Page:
“I need you to do some digging for me,” Hunter said, ignoring her. “You remember the Greek prince who was found strung up at Sandhurst?”
“Sure. Achileas. The suicide. Hunter, you aren’t seriously telling me you’re working on a story right now? Because . . .”
“I don’t think it was suicide,” Hunter interrupted her. “There’s a senior officer at Sandhurst, Major General Frank Dorrien. I need you to find out anything you can about him.”
Sally paused. “You think this Dorrien guy murdered Prince Achileas of Greece? Are you on drugs?”
“Just look into it,” Hunter said. “Please.”
“Tell me where you are and I’ll think about it,” said Sally.
“Thanks. You’re an angel.”
“Hey, I didn’t say yes! Hunter?”
“You’re breaking up.” He started making ridiculous, crackling noises down the phone.
“I am not breaking up. Hunter! Don’t you dare hang up on me. I swear to God, if you hang up now I’m gonna call the CIA right this minute and tell them about this call. Every word. And then I’ll run the story in tomorrow’s Times.”
“No you won’t,” said Hunter.
He hung up.
Sally Faiers sat naked in her hallway for a long time with the phone in her hand.
“Fuck you, Hunter Drexel,” she said aloud.
You ripped my heart out. You utterly betrayed me. And now you expect me to sit on the biggest story of my career, and quietly go out and do your dirty work for you on some wild-goose-chase, bullshit story at Sandhurst?
“I’m not doing it,” Sally shouted down the empty hall of her flat. “Not this time.”
But she already knew that she would.
HUNTER HUNG UP THE pay phone and stepped out into the howling wind.
How he wished he were in London with Sally! Preferably in bed. He found himself getting hard at the thought of her. Those legs. Those phenomenal tits . . . What had possessed him to leave her in the first place?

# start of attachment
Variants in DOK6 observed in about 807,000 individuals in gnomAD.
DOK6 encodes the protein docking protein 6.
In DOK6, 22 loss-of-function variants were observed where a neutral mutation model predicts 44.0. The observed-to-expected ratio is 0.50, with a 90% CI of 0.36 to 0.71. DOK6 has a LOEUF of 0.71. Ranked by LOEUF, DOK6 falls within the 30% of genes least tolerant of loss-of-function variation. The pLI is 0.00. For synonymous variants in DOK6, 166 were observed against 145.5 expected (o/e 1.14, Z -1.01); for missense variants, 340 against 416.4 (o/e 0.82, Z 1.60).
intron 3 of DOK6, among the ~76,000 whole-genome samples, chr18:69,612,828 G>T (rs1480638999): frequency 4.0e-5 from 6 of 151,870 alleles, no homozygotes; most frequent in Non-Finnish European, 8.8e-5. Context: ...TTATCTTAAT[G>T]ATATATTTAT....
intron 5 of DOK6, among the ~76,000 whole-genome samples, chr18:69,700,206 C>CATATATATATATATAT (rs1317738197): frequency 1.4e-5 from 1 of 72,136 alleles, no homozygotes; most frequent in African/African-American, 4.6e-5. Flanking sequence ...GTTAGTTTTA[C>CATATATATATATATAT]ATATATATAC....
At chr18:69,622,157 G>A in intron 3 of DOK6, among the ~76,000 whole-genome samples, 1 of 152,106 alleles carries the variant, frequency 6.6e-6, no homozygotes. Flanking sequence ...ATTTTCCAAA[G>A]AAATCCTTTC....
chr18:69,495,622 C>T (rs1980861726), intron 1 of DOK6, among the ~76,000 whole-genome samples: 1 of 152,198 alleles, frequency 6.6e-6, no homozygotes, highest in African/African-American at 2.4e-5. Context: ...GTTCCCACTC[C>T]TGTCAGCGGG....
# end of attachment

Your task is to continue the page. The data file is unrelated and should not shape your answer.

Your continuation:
She’s right, he thought. I am an asshole.
He looked around him miserably. Up and down the litterstrewn street, poorly dressed people dived into ugly concrete apartment buildings or offices or cafés, anything to get out of the cold. The few poor souls forced to wait at bus stops huddled together miserably, like sheep en route to the abattoir, stomping their feet and smoking and clapping their gloved hands together repeatedly against the bitter weather.
Romania was a beautiful country. But Oradea, the city where Hunter had spent the last three days, was a dump, full of abandoned, communist architecture and depressed, unemployed people. The hospitals were stuffed full of abandoned children, and filthy Roma families roamed the streets like animals, some of them actually sleeping on top of mounds of rubbish, left to rot or freeze or drink themselves to death.
If Romania’s a supermodel, Hunter thought, Oradea is the pimple on her ass. There was none of the beauty of Transylvania here, none of the sophistication of Bucharest. No sign anywhere of the much talked about economic revival. Wherever Romania’s EU millions had been spent, it wasn’t here. Oradea felt like a forgotten city. But that made it perfect for Hunter Drexel. Right now Hunter needed to be forgotten. No one would look for him here.
Not that there was no money to be found in Oradea. In the Old Town, along the banks of the Crişul Repede river, a few magnificent mansions, relics of the pre-communist days, had been reclaimed by wealthy private owners. Stuffed with fine art and priceless antiques, their formal gardens lined with lavender bushes and neatly clipped hedges, these homes glittered like stars in an otherwise pitch-black sky, sparkling incongruously like newly cut diamonds dropped in a pile of manure. Their owners were mostly native Romanians, gangsters, corrupt local government officials, and a smattering of legitimate businessmen, some returning to their hometown now after years of exile abroad.
It was in one of these houses that Hunter was staying. Its owner, a property magnate by the name of Vasile Rinescu, was a keen poker player and a friend of sorts.
“If you’re here to play, you’re welcome,” Vasile told Hunter, when the latter had arrived, shivering and desperate, on his doorstep. “I don’t know about blood, but poker is definitely thicker than water.”
“Thank God for that,” said Hunter.
“I’m hosting a game this Saturday as it happens. Some very interesting players. High stakes.”
“Good,” Hunter said. “I need the money. I’m . . . in a bit of a tight spot right now.”
Vasile laughed. “We may be a backwater, but we do watch the news here, my friend,” he told Hunter. “The whole world knows about your ‘tight spot.’ ”